The miserly Vettori has now developed into the best twenty20 bowler in the game. His use of the crease, angle of seam presentation and changes of pace make him vary hard to time. He can also follow a batsman backing away, pitch short when he sees the batsmen coming and seems to have almost every batsman tactically sorted out. Yesterday he sensed Dhoni was looking for a full ball while backing away to hit inside out over cover. So Vettori shortened his length slightly and bowled with slightly more drift and a bit of undercut on his seam presentation allowing the ball to skid through straight on. This didn't allow Dhoni the spin to hit with through the offside and also cramped him up very well. The length didn't allow Dhoni the ability to adjust and sweep with the angle of drift through the legside. In the end Vettori had his opposing number in shackles with the key thrown away. A truly masterful display, from a true master.

  • Adhil on February 28, 2009, 8:40 GMT

    A good 1 GBBG.despite being the so called "world champs" in 20/20s,they were soundly beaten or thumped by a developing nz team & yet they still want to brag about how good india is.we all know they are a good team, maybe in sub continental conditions perhaps & as for Dan,a world class bowler,the best left armer the game has ever seen,& a very educated captain like fleming who had limited resources.the whole world calls this nz team 'weak' but truth be told its a young team thats lead by a wonderful skipper in world cricket & thats Daniel Vettori

  • Balaji on February 28, 2009, 7:24 GMT

    i was reading all the Ind vs NZ Comments by our fans . it seems that all our fans very much over confident of our Current indian team than they are . its not good . we are not even in half the talent of the previous aussie team.Vettori has grown over the years.When he(vettori) toured india last time Dada and sachin sent his deliveries into the stands most times . Since its been a very long time playing against the NZ , it might have been Difficult for our players to predict their game plan . Their Gameplan no 1 has worked for them in both the matches . If we have learned from the mistakes in the first match and if we overcame it in secongd they would have gone for the next plan . But we failed once again in their same strategy . Sehwag and gambhir has to be their around 10 overs . It seems as sehwag and gambhir are in a mindset of 10-10 and not in a 20-20 mood . Vettori clearly spotted gambhir , sehwag are imptnt he made them not to fire in both the matches which cost them the series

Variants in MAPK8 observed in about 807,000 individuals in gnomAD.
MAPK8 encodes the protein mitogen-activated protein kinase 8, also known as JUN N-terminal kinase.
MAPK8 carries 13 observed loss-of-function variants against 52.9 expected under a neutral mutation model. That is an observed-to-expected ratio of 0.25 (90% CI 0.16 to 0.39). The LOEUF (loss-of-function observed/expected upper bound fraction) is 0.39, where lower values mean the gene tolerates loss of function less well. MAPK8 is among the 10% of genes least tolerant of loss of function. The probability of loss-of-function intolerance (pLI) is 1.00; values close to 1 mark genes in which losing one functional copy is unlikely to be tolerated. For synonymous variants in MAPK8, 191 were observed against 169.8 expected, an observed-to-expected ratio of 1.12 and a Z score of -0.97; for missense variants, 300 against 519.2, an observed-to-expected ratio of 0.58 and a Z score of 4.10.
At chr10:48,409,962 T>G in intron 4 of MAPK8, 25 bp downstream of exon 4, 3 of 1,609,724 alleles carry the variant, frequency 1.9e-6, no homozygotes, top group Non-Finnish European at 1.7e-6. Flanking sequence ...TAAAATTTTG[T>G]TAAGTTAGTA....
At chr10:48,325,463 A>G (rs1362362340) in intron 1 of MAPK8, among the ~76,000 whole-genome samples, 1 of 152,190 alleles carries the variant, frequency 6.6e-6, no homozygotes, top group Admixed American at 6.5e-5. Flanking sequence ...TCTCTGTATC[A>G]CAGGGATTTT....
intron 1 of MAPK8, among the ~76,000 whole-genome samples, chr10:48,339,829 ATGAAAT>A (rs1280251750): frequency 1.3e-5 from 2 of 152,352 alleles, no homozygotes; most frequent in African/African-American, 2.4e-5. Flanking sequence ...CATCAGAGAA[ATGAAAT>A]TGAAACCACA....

• Mahendra on February 28, 2009, 6:21 GMT

    Good article. Right, vettori has been evolved as tough bowler in recent times. We cannot find much spinners who can get respect in even hard hitting format is amazing. To bowl consistently with strike rate of less than six in twenty 20 is simply unbelievable. He is the one of the fewest players in the world whose game is maturing with age. Indians has to find the ways to score of him with decent strike rate at least in ODI. One cannot underplay blue caps so early as just two twenty 20s are over so far and the cricket thats happened been competitive. It is not sided. I am sure indians are going to bounce back and it is not going to be easy for kiwis to clinch one day and test series as they did in the last tour.

  • Gautham on February 27, 2009, 20:27 GMT

    Oh come on!! This article was about Vettori!!!

    For heaven's sake.. stop talking about how great the Indian team is!!

  • Shashank on February 27, 2009, 14:20 GMT

    Fantastic article. I hope the Indian camp reads this and mulls over its idiocy two times in a row. Not a single player took responsibility. Gambhir was like an impatient kid. Raina was deplorable this time round. Irfan Pathan was an expensive bowler as usual, a liability in both the matches. Sehwag's explosion is infectious but there should be room for some balance, even in a T20.

    It was evident to even the most casual observer that the kiwis had spent more time thinking, studying, planning than the blue caps. "Conditions" can only be blamed so far. The approach was clearly way off.

    Here's hoping that sanity returns before the ODIs or we're in for a mighty one-sided tournament.